CYCLOPHOSPHAMIDE

CYCLOPHOSPHAMIDE
(sye-kloe-foss'fa-mide)
Cytoxan, Neosar, Procytox 
Classifications: antineoplastic; alkylating agent;
Therapeutic: antineoplastic

Pregnancy Category: C

Availability

25 mg, 50 mg tablets; 100 mg, 200 mg, 500 mg, 1 g, 2 g vials

Action

Cell-cycle-nonspecific alkylating agent chemically related to the nitrogen mustards. Action mechanism thought to be the result of cross-linkage of DNA strands, thereby blocking synthesis of DNA, RNA, and protein.

Therapeutic Effect

Has pronounced immunosuppressive activity and therapeutic effects that are usually accompanied by some evidence of toxicity.

Uses

As single agent or in combination with other chemotherapeutic agents in treatment of malignant lymphoma, multiple myeloma, leukemias, mycosis fungoides (advanced disease), neuroblastoma, adenocarcinoma of ovary, carcinoma of breast, or malignant neoplasms of lung.

Unlabeled Uses

To prevent rejection in homotransplantation; to treat severe rheumatoid arthritis, multiple sclerosis, systemic lupus erythematosus, Wegener's granulomatosis, nephrotic syndrome.

Contraindications

Men and women in childbearing years; serious infections (including chickenpox, herpes zoster); live virus vaccines; myelosuppression; dehydration; pregnancy (category C), lactation.

Cautious Use

History of radiation or cytotoxic drug therapy; hepatic and renal impairment, elderly; recent history of steroid therapy; bone marrow infiltration with tumor cells; history of urate calculi and gout; patients with leukopenia, thrombocytopenia.

Route & Dosage

Neoplasm
Adult: PO Initial 1–5 mg/kg/d; Maintenance 1–5 mg/kg q7–10d. IV Initial 40–50 mg/kg in divided doses over 2–5 d up to 100 mg/kg; Maintenance 10– 15 mg/kg q7–10d or 3–5 mg twice weekly.
Child: PO Initial 2–8 mg/kg or 60–250 mg/m2Maintenance 2–5 mg/kg or 50–150 mg/m2 twice weekly. IV Initial 2–8 mg/kg or 60–250 mg/m2.

Renal Impairment
Clcr <10 mL/min: give 50% of dose; administer post-dialysis, give supplemental dose of 35%

Administration

Oral
  • Administer PO drug on empty stomach. If nausea and vomiting are severe, however, it may be taken with food. An antiemetic medication may be prescribed to be given before the drug.
  • Store cyclophosphamide PO solution in refrigerator at 2°–8° C (36°–46° F), and use within 14 d.
Intravenous

PREPARE: Direct: Add 5 mL bacteriostatic water for injection (paraben-preserved only) to each 100 mg and shake gently to dissolve.  Intermittent: May be further diluted with 100–250 mL D5W, NS, D5/NS, RL, or other compatible solution.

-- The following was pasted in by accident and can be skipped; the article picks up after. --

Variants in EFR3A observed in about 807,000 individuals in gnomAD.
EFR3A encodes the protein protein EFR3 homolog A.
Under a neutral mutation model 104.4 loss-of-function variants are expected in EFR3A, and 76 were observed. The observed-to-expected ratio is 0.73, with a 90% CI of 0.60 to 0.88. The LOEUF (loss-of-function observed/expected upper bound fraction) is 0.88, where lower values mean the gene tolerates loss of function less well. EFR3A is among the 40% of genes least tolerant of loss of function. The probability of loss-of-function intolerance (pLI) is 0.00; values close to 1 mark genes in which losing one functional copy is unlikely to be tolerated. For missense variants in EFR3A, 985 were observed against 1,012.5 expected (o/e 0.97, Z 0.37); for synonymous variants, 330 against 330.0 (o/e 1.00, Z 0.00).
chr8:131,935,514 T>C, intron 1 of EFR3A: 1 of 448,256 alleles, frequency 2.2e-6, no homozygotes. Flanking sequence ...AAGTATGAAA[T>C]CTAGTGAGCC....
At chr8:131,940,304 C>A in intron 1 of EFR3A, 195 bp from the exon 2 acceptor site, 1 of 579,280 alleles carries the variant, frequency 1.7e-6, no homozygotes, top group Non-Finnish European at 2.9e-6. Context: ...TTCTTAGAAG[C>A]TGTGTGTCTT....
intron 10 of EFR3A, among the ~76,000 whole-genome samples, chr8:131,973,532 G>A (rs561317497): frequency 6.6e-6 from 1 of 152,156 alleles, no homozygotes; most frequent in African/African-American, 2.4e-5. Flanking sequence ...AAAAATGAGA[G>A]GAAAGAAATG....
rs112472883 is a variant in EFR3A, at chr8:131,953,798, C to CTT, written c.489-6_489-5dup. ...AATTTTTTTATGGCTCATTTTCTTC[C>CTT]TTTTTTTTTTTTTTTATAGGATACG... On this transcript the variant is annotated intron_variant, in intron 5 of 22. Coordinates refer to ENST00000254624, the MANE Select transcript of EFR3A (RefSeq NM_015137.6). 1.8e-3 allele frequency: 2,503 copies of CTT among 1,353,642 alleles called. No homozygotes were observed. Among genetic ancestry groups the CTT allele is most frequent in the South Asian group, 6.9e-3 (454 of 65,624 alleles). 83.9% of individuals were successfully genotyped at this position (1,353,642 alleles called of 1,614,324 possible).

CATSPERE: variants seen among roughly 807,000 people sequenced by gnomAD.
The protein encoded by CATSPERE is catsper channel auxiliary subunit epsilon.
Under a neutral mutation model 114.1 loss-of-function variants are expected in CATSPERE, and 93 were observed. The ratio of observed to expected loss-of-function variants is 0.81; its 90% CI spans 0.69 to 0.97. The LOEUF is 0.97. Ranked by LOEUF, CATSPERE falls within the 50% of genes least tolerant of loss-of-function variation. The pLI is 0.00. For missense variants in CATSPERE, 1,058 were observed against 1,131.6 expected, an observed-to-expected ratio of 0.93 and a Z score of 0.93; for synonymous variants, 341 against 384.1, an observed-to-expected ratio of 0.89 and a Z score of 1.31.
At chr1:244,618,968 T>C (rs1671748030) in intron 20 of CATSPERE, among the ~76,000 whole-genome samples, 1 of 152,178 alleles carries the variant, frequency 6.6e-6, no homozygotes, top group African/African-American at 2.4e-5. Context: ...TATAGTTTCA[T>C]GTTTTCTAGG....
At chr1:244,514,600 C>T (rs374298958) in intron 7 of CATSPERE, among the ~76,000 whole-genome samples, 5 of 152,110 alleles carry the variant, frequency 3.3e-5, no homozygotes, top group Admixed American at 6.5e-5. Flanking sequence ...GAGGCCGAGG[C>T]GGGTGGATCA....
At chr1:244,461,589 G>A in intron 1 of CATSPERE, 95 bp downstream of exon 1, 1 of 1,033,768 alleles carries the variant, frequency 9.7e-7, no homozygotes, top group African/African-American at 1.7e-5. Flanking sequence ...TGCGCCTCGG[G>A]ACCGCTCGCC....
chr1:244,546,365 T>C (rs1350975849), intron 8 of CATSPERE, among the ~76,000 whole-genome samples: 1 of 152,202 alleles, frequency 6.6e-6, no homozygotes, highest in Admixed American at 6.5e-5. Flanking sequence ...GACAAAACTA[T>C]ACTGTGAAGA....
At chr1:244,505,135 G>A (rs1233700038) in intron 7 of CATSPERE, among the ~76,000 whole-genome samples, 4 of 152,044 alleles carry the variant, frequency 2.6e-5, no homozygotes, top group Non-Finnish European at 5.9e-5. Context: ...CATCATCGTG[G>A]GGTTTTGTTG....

ADMINISTER: Direct/Intermittent: Give each 100 mg or fraction thereof over 10–15 min.  

INCOMPATIBILITIES Y-site: Amphotericin B cholesteryl complex, lansoprazole.

  • Store at temperature between 2° and 30° C (36° and 86° F) unless otherwise recommended by the manufacturer.

Adverse Effects (≥1%)

Body as a Whole: Transient dizziness, fatigue, facial flushing, diaphoresis, drug fever, anaphylaxis, secondary neoplasia. GI: Nausea, vomiting, mucositis, anorexia, hepatotoxicity, diarrhea. Hematologic: Leukopenia, neutropenia, acute myeloid leukemia, anemia, thrombophlebitis, interference with normal healing. Metabolic: Severe hyperkalemia, SIADH, hyponatremia, weight gain (but without edema) or weight loss, hyperuricemia. Respiratory: Pulmonary emboli and edema, pneumonitis, interstitial pulmonary fibrosis. Skin: Alopecia (reversible), transverse ridging of nails, pigmentation of nail beds and skin (reversible), nonspecific dermatitis, toxic epidermal necrolysis, Stevens-Johnson syndrome. Urogenital: Sterile hemorrhagic and nonhemorrhagic cystitis, bladder fibrosis, nephrotoxicity.

Diagnostic Test Interference

Cyclophosphamide suppresses positive reactions to Candida, mumps, trichophytons, and tuberculin PPD skin tests. Papanicolaou (PAP) smear may be falsely positive.

Interactions

Drug: Succinylcholine, prolonged neuromuscular blocking activity; doxorubicin may increase cardiac toxicity.

Pharmacokinetics

Absorption: Readily from GI tract. Peak: 1 h PO. Distribution: Widely distributed, including brain, breast milk; crosses placenta. Metabolism: In liver by CYP3A4. Elimination: In urine as active metabolites and unchanged drug. Half-Life: 4–6 h.